This is a little late to be totally topical, but I’ve been off the blog for a while (Doctor’s orders!)
I saw this back in March on Al Mohler’s blog where two Academics (give me strength!) argue for the validity of what we would term ‘murder’ or at the very least ‘infanticide’, but they prefer to term ‘after-birth abortion’. Already they’re in trouble by using an oxymoron as the preferred terminology for their proposal, because the meaning of ‘abortion’ is that the pregnancy is terminated so that birth never takes place. Go figure!
Published in the Journal of Medical Ethics, Professors Alberto Giubilini of the University of Milan and Francesca Minerva of the University of Melbourne and Oxford University argue that:
“We take ‘person’ to mean an individual who is capable of attributing to her own existence some (at least) basic value such that being deprived of this existence represents a loss to her.”
As such they argued it was “not possible to damage a newborn by preventing her from developing the potentiality to become a person in the morally relevant sense”.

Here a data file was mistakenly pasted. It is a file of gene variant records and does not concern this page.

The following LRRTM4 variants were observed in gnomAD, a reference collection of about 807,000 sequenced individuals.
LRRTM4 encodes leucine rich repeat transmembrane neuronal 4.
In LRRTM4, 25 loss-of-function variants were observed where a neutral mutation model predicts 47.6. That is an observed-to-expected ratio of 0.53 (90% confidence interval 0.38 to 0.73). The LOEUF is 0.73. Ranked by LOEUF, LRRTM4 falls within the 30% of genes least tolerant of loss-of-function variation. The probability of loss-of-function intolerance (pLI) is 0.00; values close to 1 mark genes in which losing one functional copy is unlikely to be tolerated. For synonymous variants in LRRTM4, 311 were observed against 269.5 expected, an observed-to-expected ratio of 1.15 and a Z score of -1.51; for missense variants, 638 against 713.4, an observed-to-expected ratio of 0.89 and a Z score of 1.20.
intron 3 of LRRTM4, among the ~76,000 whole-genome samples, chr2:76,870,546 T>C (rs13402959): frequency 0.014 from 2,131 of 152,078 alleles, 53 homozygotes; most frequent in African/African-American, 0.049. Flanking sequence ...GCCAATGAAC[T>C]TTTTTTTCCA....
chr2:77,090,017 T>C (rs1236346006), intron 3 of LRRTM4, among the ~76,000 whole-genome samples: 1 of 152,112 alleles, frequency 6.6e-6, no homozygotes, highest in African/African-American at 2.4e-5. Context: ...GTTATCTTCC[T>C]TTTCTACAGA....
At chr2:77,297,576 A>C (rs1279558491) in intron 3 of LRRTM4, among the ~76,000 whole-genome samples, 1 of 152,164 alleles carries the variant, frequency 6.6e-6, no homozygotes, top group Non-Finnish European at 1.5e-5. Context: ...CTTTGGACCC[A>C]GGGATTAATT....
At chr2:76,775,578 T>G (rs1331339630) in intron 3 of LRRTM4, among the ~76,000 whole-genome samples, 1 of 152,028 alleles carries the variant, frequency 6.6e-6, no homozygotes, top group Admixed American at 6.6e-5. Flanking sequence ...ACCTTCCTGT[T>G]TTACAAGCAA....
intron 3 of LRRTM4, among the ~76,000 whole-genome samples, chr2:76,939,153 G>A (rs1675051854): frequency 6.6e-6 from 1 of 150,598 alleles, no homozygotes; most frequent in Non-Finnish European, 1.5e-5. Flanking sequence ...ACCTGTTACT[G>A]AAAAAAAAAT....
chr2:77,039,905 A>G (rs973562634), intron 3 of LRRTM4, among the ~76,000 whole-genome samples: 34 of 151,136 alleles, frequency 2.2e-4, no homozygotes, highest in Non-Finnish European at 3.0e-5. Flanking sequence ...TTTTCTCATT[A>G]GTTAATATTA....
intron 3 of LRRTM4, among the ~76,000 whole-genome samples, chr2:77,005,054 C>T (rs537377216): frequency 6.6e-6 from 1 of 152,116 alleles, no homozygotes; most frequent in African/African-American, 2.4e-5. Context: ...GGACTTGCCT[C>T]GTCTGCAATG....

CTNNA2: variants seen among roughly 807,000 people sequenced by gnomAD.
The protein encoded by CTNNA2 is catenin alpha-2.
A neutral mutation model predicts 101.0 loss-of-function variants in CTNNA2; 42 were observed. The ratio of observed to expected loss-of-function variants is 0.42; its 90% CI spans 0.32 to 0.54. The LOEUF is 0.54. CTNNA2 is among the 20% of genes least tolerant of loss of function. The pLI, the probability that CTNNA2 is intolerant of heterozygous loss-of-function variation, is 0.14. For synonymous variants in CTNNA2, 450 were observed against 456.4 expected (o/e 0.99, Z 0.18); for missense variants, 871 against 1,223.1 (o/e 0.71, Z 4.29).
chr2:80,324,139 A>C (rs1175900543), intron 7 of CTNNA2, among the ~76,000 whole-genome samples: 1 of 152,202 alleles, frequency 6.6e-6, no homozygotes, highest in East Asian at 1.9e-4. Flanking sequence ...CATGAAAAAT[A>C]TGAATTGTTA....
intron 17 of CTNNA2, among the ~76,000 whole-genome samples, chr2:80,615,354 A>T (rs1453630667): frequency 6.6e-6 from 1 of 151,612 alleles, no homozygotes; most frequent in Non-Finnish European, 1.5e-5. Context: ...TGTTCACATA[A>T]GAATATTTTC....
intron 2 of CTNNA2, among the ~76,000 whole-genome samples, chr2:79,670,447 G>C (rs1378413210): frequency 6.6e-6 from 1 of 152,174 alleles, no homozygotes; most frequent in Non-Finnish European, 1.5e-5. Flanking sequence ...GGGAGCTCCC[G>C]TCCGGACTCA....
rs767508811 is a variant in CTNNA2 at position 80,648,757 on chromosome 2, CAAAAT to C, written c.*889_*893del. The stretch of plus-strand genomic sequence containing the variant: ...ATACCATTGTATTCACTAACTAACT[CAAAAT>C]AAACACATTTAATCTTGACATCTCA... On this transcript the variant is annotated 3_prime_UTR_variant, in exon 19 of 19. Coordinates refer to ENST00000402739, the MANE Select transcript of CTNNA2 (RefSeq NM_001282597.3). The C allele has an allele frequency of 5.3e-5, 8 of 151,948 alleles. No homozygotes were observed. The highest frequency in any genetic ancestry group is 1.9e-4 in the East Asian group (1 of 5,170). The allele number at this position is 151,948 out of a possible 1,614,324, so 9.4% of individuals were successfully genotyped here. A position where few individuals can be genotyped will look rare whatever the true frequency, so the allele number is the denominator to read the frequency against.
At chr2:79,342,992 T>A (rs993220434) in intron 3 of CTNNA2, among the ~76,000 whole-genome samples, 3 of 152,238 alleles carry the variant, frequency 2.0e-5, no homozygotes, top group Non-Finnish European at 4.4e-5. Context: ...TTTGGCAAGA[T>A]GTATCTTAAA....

The authors therefore concluded that “what we call ‘after-birth abortion’ (killing a newborn) should be permissible in all the cases where abortion is, including cases where the newborn is not disabled”.
They also argued that parents should be able to have the baby killed if it turned out to be disabled without their knowing before birth, for example citing that “only the 64 per cent of Down’s syndrome cases” in Europe are diagnosed by prenatal testing.”
They also argue that
newborn human infants lack the ability to anticipate the future, and thus that after-birth abortions should be permitted.
By my estimation, if we used that criterion to make this kind of judgement, about 40% of the population is at risk!
In an age where we know more now than ever about the function and complexity of the human body, selfish ideologies are still prevalent and set to skew the moral compass of society even further.
At one time, the thought of killing new born children would be reserved for the pagan, the barbaric, the cruel and the evil – The Hitler’s, Pol Pot’s and the Ghengis Khan’s of society .
Today it is entertained by scholars in the Journal of Medical Ethics as an idea to contemplate.
If ever a nation needed God, it is now.